Everything about this boat is convenient and easy to use. All you need to do is unfold it and inflate it.

Inflation is done with Twistlok valves that can be used on many pumps in the industry. Up front is a rigid aluminum reinforced bow. Similarly the stern keeps things try with aluminum reinforced ribbing. Finfally, a tracking fin helps with paddling efficiency.

All this comes in an easy to transport bag and sets up quickly once you’re at the water.

Best for those who don’t want to struggle storing or transporting a traditional boat.

View at REI View at Amazon

Pelican Sit-on-Top Kayak - Sentinel 100X

Pelican Sentinel 100X Sit-on-Top Kayak at a Glance:

  • Length: 9’ 6″
  • Weight: 42 Pounds
  • Weight Capacity: 275 Pounds
  • Material: Polyethylene

Whether you want something light on the budget or an easy kayak for occasional trips this is an awesome option. Sit-on-top kayaks are popular for a reason – they’re convenient and fun!

While I wouldn’t call it feather light at 42 pounds for the modest 9’6″ of kayak, it certainly is easy to use. There’s an integrated fully padded, adjustable seat. Even better, the seat folds down flat for transport and storage.

Of course, little features like paddle keepers and molded in footwells provide the real finishing touches on this boat. We have to give a thumbs up for the removable storage compartment that makes for easy cleaning.

It’s hard to ignore the 5-year manufacturer’s warranty on this value-oriented boat. Best for the ease and convenience of a sit-on-top kayak at a great entry price.

View at Amazon

#4 Old Town Vapor Kayak

Old Town Vapor 10 Kayak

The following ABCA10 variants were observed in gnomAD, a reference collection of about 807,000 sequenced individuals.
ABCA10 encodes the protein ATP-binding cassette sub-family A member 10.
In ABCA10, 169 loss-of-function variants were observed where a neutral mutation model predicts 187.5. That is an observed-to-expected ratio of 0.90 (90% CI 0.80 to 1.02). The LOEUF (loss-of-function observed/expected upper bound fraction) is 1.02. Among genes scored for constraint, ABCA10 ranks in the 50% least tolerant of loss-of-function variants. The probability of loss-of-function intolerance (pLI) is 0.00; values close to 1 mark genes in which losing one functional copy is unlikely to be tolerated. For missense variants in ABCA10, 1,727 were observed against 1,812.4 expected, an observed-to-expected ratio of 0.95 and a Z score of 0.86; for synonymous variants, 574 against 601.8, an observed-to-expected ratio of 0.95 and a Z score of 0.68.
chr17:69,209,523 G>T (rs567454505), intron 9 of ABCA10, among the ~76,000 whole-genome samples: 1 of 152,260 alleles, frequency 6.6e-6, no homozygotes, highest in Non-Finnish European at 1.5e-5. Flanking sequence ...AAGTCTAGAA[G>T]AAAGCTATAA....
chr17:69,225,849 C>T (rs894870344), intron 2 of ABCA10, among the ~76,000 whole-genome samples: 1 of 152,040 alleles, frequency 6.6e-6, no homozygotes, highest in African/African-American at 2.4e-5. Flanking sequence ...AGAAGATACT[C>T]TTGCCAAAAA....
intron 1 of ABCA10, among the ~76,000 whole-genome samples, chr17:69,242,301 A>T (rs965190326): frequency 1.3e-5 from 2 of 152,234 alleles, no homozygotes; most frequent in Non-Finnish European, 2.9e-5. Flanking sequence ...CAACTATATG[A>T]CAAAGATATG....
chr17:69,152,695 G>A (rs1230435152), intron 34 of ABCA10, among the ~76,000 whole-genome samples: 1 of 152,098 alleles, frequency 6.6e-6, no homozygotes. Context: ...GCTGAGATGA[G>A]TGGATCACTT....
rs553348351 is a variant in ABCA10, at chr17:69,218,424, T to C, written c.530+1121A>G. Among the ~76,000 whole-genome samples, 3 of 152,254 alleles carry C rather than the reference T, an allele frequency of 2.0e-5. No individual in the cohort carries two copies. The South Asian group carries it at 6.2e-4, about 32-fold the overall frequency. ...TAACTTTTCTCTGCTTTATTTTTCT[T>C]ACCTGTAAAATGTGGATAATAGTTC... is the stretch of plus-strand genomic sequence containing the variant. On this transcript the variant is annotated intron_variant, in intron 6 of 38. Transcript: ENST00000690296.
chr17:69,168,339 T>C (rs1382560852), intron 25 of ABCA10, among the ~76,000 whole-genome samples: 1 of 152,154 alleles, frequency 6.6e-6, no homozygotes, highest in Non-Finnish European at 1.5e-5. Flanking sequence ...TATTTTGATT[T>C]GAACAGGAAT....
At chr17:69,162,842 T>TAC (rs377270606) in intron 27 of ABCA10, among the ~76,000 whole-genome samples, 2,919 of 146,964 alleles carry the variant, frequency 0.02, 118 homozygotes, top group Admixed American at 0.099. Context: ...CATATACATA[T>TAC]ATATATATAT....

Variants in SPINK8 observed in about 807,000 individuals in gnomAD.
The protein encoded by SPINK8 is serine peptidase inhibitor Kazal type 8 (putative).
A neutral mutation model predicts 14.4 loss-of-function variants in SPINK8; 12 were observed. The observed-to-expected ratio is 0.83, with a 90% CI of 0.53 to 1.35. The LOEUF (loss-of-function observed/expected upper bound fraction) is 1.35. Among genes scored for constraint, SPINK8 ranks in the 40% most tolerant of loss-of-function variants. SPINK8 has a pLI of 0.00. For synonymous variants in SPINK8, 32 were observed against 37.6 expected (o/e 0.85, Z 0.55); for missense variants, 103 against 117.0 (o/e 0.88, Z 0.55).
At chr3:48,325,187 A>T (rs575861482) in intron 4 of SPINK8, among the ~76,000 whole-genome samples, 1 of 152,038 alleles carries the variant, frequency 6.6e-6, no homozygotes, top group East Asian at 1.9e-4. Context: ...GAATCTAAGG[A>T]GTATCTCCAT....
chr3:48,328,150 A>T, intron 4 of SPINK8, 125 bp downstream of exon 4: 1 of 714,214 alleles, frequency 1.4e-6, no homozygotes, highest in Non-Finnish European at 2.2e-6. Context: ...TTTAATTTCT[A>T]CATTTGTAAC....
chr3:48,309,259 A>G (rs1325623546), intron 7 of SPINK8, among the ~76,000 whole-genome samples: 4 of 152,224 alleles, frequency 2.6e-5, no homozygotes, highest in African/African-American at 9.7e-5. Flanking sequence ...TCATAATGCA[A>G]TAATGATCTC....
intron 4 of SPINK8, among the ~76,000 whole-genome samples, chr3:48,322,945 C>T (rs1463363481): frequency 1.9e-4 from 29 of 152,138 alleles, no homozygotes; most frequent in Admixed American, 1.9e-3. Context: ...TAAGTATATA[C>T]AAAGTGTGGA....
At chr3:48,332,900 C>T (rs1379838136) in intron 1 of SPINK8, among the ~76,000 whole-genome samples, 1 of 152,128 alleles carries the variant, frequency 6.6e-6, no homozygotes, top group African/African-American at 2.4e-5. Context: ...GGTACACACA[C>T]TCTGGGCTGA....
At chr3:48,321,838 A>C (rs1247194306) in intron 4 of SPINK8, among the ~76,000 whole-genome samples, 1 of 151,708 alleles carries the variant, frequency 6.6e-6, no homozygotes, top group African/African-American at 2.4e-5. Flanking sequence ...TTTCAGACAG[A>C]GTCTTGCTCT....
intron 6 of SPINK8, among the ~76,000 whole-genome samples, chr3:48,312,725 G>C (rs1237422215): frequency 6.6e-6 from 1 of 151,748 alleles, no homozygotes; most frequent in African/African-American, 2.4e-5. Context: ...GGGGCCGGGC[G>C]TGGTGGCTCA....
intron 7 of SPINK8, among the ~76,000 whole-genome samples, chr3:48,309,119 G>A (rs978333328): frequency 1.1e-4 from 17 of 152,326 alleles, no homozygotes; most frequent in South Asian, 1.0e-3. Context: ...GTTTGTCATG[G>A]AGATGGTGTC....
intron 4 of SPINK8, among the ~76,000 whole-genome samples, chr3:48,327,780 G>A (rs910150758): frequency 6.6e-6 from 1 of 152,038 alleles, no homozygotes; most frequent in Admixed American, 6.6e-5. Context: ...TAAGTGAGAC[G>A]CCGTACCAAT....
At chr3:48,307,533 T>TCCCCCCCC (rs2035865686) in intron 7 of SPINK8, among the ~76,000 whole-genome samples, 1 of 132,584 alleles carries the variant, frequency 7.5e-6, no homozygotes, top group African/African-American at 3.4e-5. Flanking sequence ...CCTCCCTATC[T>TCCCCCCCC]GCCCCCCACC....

Old Town Vapor Kayak at a Glance:

  • Length: 10′
  • Weight: 44 Pounds
  • Weight Capacity: 325 Pounds
  • Material: Single layer polyethylene

Old Town is a name that has dominated the kayaking world for years. Their boats tend to strike a good balance of price and features which often makes them a top value pick for me.

First up we should take a look at the single layer polyethylene that this boat is made from. This gives the boat a lighter weight with more rigidity.

A full-size stern day well gives plenty of storage for gear along comfort flex seat and thigh braces makes for a great day of paddling.

The built in cup holders and paddle rests make it easy to take a drink and not drop a paddle. At 10 feet long it’s easy to control and great for flat water paddling. It’s a solid contender for a top spot on our list!

Wilderness Systems Aspire Recreational Kayak

Wilderness Systems Aspire Recreational Kayak at a Glance:

  • Length: 10′ 6″
  • Weight: 48 Pounds
  • Weight Capacity: 400 Pounds
  • Material: Polyethylene



We’re stepping up to the top tier of recreational boats with this 10.5 feet long premium kayak. Polished features, top notch seating, and lots of goodies make this boat a pick for those who spend lots of time on the water.

First up, be aware that this boat is longer and heavier than the nimble 9’ boats we looked at earlier. It will be a bit harder to transport and carry but the advantages are many.

For comfort they’ve put in an adjustable 3-stage seat that can be dialed in to your fit. Right in front of you at all times in the cockpit is a dashboard.

The built in thigh padding, padded adjustable foot rests along with a cup holder make for a comfortable day padding. At the rear of the boat is a hatch for storing lunch, clothes, or other gear (be sure to use a dry bag).

At 10.5 feet long this boat is going to be a bit more stable than shorter ones on our list. It’s made to track well and paddle over long distances on flat water. Great for long, regular trips.

Best for those who plan to use their kayak often for longer trips.

Lifetime Tioga Sit-On-Top Kayak at a Glance:

  • Length: 12’
  • Weight: 45 Pounds
  • Weight Capacity: 275 Pounds
  • Material: Polyethylene

In the middle/longer of the length spectrum, this boat is both nimble and stable. While it may weigh a bit more than the shortest boats on our list, it’s a good middle ground at a decent price.